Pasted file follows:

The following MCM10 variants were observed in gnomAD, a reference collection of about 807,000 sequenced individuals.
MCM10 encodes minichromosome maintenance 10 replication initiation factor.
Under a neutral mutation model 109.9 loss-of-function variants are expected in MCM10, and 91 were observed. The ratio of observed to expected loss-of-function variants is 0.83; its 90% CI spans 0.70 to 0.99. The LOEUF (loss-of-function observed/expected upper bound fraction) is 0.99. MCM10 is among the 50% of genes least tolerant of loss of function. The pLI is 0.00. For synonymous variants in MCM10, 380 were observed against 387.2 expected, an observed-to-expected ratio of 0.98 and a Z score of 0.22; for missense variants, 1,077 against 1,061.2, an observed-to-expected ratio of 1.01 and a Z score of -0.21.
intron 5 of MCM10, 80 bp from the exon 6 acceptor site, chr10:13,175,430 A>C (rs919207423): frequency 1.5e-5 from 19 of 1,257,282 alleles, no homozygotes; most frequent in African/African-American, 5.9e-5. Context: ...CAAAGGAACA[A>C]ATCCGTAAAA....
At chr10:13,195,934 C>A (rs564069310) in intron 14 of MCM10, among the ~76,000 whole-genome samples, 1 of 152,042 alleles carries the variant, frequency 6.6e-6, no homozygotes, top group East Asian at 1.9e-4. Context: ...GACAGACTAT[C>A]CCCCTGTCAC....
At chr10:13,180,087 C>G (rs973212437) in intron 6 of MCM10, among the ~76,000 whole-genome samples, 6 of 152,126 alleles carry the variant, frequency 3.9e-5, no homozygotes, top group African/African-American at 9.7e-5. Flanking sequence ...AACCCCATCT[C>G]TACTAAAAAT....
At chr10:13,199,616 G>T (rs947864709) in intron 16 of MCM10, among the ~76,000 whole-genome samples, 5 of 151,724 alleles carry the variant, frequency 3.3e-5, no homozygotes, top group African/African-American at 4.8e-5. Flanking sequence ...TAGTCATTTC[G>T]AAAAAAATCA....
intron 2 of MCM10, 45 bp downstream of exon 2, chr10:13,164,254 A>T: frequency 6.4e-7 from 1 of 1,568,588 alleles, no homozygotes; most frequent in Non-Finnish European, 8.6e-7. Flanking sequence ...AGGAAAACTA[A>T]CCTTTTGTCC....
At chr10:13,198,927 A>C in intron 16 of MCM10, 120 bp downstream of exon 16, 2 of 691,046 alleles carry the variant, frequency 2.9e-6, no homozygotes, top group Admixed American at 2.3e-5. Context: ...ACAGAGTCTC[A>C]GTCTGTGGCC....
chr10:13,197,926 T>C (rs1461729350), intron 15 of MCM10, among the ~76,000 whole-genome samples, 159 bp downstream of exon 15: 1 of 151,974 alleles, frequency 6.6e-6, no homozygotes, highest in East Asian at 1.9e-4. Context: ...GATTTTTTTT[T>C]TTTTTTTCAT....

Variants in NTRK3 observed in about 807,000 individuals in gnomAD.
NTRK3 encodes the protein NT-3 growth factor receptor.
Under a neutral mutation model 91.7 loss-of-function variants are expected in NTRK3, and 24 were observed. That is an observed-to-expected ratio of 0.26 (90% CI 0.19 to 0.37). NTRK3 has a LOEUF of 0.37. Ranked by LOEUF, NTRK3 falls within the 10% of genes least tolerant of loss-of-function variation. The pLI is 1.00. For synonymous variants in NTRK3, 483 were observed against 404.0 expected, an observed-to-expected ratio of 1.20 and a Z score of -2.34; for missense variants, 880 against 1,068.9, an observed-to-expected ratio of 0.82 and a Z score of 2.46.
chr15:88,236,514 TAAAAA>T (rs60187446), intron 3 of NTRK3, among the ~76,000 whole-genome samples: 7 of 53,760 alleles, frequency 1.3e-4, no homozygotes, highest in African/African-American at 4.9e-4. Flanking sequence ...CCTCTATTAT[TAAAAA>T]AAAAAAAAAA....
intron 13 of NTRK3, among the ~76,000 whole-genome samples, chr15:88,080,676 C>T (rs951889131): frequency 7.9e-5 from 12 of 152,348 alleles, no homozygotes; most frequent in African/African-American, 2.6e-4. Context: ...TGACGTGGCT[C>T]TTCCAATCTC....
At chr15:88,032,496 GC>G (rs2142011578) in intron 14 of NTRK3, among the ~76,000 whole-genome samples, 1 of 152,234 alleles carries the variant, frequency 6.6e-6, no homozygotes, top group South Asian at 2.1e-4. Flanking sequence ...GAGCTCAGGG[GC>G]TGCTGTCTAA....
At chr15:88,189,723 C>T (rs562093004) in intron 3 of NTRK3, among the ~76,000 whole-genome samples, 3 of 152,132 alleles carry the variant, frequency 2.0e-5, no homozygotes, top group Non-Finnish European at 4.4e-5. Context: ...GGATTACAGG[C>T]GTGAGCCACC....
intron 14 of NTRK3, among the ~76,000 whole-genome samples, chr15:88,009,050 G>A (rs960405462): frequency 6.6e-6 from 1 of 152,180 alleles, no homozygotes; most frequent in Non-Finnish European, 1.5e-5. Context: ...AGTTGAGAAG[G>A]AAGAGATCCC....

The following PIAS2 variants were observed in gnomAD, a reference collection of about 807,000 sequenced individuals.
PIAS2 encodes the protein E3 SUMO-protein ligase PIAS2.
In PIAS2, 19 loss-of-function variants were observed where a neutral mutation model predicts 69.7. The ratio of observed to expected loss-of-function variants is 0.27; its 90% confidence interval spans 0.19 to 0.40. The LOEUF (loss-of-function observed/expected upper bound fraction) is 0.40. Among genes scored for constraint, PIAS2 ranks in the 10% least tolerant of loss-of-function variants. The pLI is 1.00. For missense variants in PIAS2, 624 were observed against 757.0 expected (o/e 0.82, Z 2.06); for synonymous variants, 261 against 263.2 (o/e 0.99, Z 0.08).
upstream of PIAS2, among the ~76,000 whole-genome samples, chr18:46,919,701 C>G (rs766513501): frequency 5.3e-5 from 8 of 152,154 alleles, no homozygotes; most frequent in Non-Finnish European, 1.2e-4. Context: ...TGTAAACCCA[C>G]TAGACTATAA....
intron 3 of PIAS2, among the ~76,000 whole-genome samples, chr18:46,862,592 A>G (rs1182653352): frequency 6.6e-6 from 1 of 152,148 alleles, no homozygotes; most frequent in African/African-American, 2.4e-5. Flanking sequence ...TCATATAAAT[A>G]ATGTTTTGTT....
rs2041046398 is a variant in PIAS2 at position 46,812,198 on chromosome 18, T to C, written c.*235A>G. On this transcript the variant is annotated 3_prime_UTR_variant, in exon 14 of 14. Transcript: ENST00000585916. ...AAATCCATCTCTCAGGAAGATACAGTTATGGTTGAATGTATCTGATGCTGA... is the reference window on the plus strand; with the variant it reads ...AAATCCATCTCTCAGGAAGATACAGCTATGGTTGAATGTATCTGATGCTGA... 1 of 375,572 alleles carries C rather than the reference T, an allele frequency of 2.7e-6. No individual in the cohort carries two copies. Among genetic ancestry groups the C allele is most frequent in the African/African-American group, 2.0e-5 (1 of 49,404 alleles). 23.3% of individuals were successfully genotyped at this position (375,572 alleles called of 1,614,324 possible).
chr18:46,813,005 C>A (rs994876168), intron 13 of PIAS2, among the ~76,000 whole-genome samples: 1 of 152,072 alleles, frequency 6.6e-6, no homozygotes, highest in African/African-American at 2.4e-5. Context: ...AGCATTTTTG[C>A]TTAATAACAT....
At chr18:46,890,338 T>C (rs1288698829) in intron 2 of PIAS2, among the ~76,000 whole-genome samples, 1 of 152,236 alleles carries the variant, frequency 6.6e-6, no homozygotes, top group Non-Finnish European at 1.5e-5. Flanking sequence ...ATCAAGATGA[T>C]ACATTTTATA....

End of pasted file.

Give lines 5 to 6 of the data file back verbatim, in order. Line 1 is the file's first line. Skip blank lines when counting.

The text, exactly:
At chr10:13,195,934 C>A (rs564069310) in intron 14 of MCM10, among the ~76,000 whole-genome samples, 1 of 152,042 alleles carries the variant, frequency 6.6e-6, no homozygotes, top group East Asian at 1.9e-4. Context: ...GACAGACTAT[C>A]CCCCTGTCAC....
At chr10:13,180,087 C>G (rs973212437) in intron 6 of MCM10, among the ~76,000 whole-genome samples, 6 of 152,126 alleles carry the variant, frequency 3.9e-5, no homozygotes, top group African/African-American at 9.7e-5. Flanking sequence ...AACCCCATCT[C>G]TACTAAAAAT....